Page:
- Dust is confirmed as the dominant absorber of Solar radiation in Mars’ atmosphere, which has important consequences for the transport of energy in the atmosphere and its circulation. Frequent “dust devils” were found with an unmistakable temperature, wind and pressure signature, and morning turbulence; at least one may have contained dust (on Sol 62), suggesting that these gusts are a mechanism for mixing dust into the atmosphere.
- Evidence of wind abrasion of rocks and dune-shaped deposits was found, indicating the presence of sand.
- Morning atmospheric obscurations are due to clouds, not ground fog; Viking could not distinguish between these two possibilities.
- The weather was similar to the weather encountered by Viking 1; there were rapid pressure and temperature variations, downslope winds at night and light winds in general.
- Temperatures were about 10 degrees warmer than those measured by Viking 1.
- Diversity of albedos, or variations in the brightness of the Martian surface, was similar to other observations, but there was no evidence for the types of crystalline hematite or pyroxene absorption features detected in other locations on Mars.
- The atmospheric experiment package recorded a temperature profile different than expected from microwave measurements and Hubble observations.
- Rock size distribution was consistent with a flood-related deposit.
- The moment of inertia of Mars was refined to a corresponding core radius of between 807 miles and 1,242 miles (1,300 and 2,000 kilometers).
- The possible identification of rounded pebbles and cobbles on the ground, and sockets and pebbles in some rocks, suggests conglomerates that formed in running water, during a warmer past in which liquid water was stable.
The historical accounts of previous Mars expeditions are outlined in tabular inset, according to date, mission and results.
|[Unnamed]||USSR||10/10/60||Mars flyby||did not reach Earth orbit|
|[Unnamed]||USSR||10/14/60||Mars flyby||did not reach Earth orbit|
|[Unnamed]||USSR||10/24/62||Mars flyby||achieved Earth orbit only|
|Mars 1||USSR||11/1/62||Mars flyby||radio failed at 65.9 million miles (106 million km)|
|[Unnamed]||USSR||11/4/62||Mars flyby||achieved Earth orbit only|
|Mariner 3||U.S.||11/5/64||Mars flyby||shroud failed to jettison|
|Mariner 4||U.S.||11/28/64||first successful Mars flyby 7/14/65||returned 21 photos|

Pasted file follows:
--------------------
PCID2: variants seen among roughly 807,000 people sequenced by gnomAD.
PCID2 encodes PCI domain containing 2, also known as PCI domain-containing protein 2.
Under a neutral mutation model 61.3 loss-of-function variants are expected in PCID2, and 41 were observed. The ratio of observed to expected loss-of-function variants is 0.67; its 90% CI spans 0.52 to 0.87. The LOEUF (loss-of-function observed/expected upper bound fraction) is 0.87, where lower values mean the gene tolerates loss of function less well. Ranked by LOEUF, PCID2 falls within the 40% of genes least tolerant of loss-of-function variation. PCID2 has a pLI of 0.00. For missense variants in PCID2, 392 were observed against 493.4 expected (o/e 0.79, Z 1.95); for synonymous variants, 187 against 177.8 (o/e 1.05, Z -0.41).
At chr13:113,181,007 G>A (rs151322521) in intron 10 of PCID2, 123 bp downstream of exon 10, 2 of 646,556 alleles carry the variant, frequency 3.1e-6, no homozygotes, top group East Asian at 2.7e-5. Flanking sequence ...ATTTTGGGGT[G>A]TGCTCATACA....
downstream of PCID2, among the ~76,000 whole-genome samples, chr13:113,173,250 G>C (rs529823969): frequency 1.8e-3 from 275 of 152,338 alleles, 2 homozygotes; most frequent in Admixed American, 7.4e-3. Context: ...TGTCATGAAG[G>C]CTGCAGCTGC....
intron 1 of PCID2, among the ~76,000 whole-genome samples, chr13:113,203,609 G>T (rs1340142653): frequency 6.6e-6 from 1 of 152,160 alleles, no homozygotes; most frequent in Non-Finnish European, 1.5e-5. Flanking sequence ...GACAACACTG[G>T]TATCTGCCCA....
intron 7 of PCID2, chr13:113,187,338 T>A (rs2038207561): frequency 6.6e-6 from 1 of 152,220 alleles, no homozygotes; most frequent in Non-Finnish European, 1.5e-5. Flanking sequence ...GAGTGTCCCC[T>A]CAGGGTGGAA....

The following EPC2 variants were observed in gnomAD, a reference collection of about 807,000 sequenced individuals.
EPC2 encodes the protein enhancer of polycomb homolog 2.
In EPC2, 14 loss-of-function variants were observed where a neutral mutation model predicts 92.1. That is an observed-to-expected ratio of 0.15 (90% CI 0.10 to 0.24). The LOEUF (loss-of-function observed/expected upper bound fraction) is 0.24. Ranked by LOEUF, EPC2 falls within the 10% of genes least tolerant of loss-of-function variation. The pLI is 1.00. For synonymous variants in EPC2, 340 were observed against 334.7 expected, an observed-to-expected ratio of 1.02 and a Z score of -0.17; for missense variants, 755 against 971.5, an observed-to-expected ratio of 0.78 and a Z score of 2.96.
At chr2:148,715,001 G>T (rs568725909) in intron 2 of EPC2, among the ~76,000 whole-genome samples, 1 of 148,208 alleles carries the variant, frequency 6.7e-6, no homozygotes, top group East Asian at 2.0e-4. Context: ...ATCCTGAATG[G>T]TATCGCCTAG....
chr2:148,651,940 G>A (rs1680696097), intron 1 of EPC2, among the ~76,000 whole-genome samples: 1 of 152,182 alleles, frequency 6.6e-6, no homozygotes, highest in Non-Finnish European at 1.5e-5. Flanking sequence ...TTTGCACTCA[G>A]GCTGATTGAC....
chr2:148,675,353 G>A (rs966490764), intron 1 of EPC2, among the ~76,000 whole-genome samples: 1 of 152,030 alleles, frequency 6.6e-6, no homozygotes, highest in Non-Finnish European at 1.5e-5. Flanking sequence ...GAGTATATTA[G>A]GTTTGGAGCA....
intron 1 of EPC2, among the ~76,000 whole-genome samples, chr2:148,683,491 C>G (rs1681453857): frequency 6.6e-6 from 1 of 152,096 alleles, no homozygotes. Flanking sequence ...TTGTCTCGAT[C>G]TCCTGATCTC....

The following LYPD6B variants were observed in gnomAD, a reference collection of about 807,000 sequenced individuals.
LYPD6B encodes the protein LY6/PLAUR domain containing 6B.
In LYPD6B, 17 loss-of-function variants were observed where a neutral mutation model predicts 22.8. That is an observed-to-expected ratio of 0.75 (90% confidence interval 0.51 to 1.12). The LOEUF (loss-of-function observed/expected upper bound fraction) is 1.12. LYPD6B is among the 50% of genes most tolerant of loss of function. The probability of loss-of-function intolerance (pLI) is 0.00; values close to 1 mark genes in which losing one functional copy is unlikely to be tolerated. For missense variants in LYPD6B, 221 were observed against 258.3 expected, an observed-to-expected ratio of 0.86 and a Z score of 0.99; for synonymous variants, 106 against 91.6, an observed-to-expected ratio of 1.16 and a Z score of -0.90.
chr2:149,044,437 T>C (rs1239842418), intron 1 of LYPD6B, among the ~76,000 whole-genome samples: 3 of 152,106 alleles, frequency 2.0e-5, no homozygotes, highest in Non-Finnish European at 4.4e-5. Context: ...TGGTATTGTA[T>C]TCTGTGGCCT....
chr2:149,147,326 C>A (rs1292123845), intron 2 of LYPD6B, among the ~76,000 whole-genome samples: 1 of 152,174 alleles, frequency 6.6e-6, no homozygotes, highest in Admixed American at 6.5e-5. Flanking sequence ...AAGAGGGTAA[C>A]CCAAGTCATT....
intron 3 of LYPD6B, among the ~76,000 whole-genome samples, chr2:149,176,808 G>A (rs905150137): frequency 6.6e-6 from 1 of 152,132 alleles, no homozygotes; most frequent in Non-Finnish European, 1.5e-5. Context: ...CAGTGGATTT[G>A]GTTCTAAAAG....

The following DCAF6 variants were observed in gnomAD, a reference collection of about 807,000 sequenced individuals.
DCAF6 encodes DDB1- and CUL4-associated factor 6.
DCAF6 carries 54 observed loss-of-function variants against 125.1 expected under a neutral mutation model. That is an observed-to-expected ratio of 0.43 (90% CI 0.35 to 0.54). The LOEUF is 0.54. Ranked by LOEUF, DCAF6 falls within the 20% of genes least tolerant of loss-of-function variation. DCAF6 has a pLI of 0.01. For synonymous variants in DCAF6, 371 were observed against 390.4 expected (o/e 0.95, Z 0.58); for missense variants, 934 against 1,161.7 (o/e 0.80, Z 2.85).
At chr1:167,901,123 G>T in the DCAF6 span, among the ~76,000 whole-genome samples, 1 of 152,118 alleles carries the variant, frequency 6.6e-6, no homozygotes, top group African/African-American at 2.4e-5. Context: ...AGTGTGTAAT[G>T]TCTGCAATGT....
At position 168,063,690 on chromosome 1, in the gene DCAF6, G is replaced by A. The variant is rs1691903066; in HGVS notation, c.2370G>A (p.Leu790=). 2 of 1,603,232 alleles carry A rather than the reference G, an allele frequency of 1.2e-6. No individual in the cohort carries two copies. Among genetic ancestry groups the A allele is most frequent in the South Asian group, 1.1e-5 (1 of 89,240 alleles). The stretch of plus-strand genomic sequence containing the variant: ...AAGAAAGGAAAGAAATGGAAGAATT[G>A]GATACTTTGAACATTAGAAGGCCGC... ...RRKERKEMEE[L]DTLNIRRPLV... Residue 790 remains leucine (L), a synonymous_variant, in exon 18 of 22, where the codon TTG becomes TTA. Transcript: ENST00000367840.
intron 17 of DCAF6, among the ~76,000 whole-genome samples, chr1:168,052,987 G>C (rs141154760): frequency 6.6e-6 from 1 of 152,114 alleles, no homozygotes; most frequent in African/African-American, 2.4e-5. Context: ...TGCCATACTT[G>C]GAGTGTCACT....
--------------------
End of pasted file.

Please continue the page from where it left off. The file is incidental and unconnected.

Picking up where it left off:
|Zond 2||USSR||11/30/64||Mars flyby||passed Mars but radio failed, returned no planetary data|
|Mariner 6||U.S.||2/24/69||Mars flyby 7/31/69||returned 75 photos|
|Mariner 7||U.S.||3/27/69||Mars flyby 8/5/69||returned 126 photos|
|Mariner 8||U.S.||5/8/71||Mars orbiter||failed during launch|
|Kosmos 419||USSR||5/10/71||Mars lander||achieved Earth orbit only|
|Mars 2||USSR||5/19/71||Mars orbiter/lander arrived 11/27/71||no useful data, lander destroyed|
|Mars 3||USSR||5/28/71||Mars orbiter/lander, arrived 12/3/71||some data and few photos|
|Mariner 9||U.S.||5/30/71||Mars orbiter, in orbit 11/13/71 to 10/27/72||returned 7,329 photos|
|Mars 4||USSR||7/21/73||failed Mars orbiter||flew past Mars 2/10/74|
|Mars 5||USSR||7/25/73||Mars orbiter, arrived 2/12/74||lasted a few days|
|Mars 6||USSR||8/5/73||Mars orbiter/lander, arrived 3/12/74||little data return|
|Mars 7||USSR||8/9/73||Mars orbiter/lander, arrived 3/9/74||little data return|
|Viking 1||U.S.||8/20/75||Mars orbiter/lander, orbit 6/19/76-1980, lander 7/20/76-1982||Combined, the Viking orbiters and landers returned 50,000+ photos|
|Viking 2||U.S.||9/9/75||Mars orbiter/lander, orbit 8/7/76-1987, lander 9/3/76-1980||combined, the Viking orbiters and landers returned 50,000+ photos|
|Phobos 1||USSR||7/7/88||Mars/Phobos orbiter/lander||lost 8/88 en route to Mars|
|Phobos 2||USSR||7/12/88||Mars/Phobos orbiter/lander||lost 3/89 near Phobos|
|Mars Observer||U.S.||9/25/92||orbiter||lost just before Mars arrival 8/21/93|
|Mars Global Surveyor||U.S.||11/7/96||orbiter, arrived 9/12/97||currently conducting prime mission of science mapping|
|Mars 96||Russia||11/16/96||orbiter and landers||launch vehicle failed|
|Mars Pathfinder||U.S.||12/4/96||Mars lander and rover, landed 7/4/97||last transmission 9/27/97|
|Nozomi (Planet-B)||Japan||7/4/98||Mars orbiter, currently in orbit around the Sun||Mars arrival delayed to 12/03 due to propulsion problem|
|Mars Climate Orbiter||U.S.||12/11/98||Orbiter||lost on arrival at Mars 9/23/99|
|Mars Polar Lander/Deep Space 2||U.S.||1/3/99||lander/descent probes to explore Martian south pole||lost on arrival 12/3/99|
|Mars Odyssey||U.S.||4/7/01||Orbiter||currently conducting prime mission of science mapping|
Related Web Pages
Evidence for Snow on Mars – and Perhaps an Abode for Life?
Mars Odyssey web site (with new images)
Impact Crater Landing Sites for the 2003 Mars Exploration Rovers
Mars Exploration Rover Homepage